The Moyale Highway

Ker-thunk! Ker-thunk! Crash crash! This is the sound of a jeep going over corrugations. Its not a pleasant thing to experience. A corrugation is formed when a dirt road has a lot of freight lorries travelling on it, their bumping and crashing eventually means the road forms a ripple effect of bumps. These bumps vary from several inches to almost a foot in some places. Your options for driving on corrugations are either, drive at around 20kph and suffer the painstaking boredom and rattling or drive at 90 kph and skim over the bumps. With the second option however you run a number of risks. Your handing becomes very light while speeding along on corrugations, imagine driving on ice at high speed and you’ll know what I mean. The slightest move on the steering wheel means a big difference to your direction. The chances of going into a skid and then overcorrecting will likely mean youre going to be needing a recovery vehicle to pull you out of whatever ditch you landed in. Slowing down only means the ungodly shuddering returns and the chances of you losing control is almost a guarantee. This inability to brake means if you see a massive pot hole, ditch, ostrich or oncoming truck you just have to do your best to avoid them while maintaining your speed. This of course led to more than a few obscenities being sputtered. Our luck held out all along the dirt highway from Moyale to Archers Post. This 350km stretch of road is the worst on the whole trip. This is where every over landing vehicle runs into difficulty and usually breaks down. Someone is watching over us as Doris didn’t even get a scratch. Our biggest problem was that we were travelling with a full load of diesel and water. This means we were sitting rather low the entire way and the travel on our suspension was taking quite a battering. After jettisoning some weight and redistributing a few items about we were sitting higher. Apart from just bone shattering bumps and close your eyes moments the road from Moyale offered a few unexpected surprises. The first one was some proper African wildlife, including some ostriches and gazelles. Of course we ignored the vultures that were tailing Doris down the highway. We also came across some of the fantastic landscapes that make up the Great Rift. The Rift was created by volcanic activity and we saw a number of dormant volcano craters and valleys that have been cut out of the earth. We’re now in the southern hemisphere and have already experienced some ridiculously heavy equatorial rains.    However we’ve made it over the half way mark now and conquered the hardest road on the trip without the wheels falling off. Its still along way to Cape Town but we’ll get there!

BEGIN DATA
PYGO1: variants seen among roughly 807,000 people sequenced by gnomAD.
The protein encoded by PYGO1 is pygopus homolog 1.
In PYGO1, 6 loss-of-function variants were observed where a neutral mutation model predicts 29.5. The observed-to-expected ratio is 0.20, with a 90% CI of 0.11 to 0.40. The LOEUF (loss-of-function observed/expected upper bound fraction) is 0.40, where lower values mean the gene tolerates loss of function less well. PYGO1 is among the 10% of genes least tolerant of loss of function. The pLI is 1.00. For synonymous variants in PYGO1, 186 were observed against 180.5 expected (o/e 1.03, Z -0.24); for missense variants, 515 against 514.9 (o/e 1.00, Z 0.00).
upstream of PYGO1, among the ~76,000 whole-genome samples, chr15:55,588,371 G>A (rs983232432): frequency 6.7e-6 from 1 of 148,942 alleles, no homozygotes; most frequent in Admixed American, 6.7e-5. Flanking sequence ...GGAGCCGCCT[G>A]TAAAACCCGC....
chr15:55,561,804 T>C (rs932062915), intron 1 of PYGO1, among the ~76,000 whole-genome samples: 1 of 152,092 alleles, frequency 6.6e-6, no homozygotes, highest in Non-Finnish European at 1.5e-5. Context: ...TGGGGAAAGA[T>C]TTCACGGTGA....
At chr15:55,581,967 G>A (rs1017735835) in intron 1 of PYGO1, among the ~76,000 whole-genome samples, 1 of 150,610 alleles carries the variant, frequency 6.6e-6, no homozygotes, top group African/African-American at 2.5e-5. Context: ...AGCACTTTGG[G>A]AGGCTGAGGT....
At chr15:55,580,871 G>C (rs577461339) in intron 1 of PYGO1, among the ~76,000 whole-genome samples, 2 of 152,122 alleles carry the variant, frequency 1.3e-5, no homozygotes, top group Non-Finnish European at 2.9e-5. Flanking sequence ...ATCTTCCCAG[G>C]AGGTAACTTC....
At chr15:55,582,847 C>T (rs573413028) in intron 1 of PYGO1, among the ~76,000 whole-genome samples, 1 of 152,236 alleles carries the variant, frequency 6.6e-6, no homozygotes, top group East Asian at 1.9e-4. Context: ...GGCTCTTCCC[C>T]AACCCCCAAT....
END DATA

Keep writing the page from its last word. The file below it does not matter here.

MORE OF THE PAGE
One Response to “The Moyale Highway”

  1. Yes! Just saw my name on Dorris, still standing!

    Keep up the blog fellas, so inspiring. The post about Red dancing and Johnny and the coffee was pure comedy thinking about it. Great post about Dorris too.

    “Never forget that life can only be nobly inspired and rightly lived if you take it bravely and gallantly, as a splendid adventure in which you are setting out into an unknown country, to face many a danger, to meet many a joy, to find many a comrade, to win and lose many a battle.” — Annie Besant

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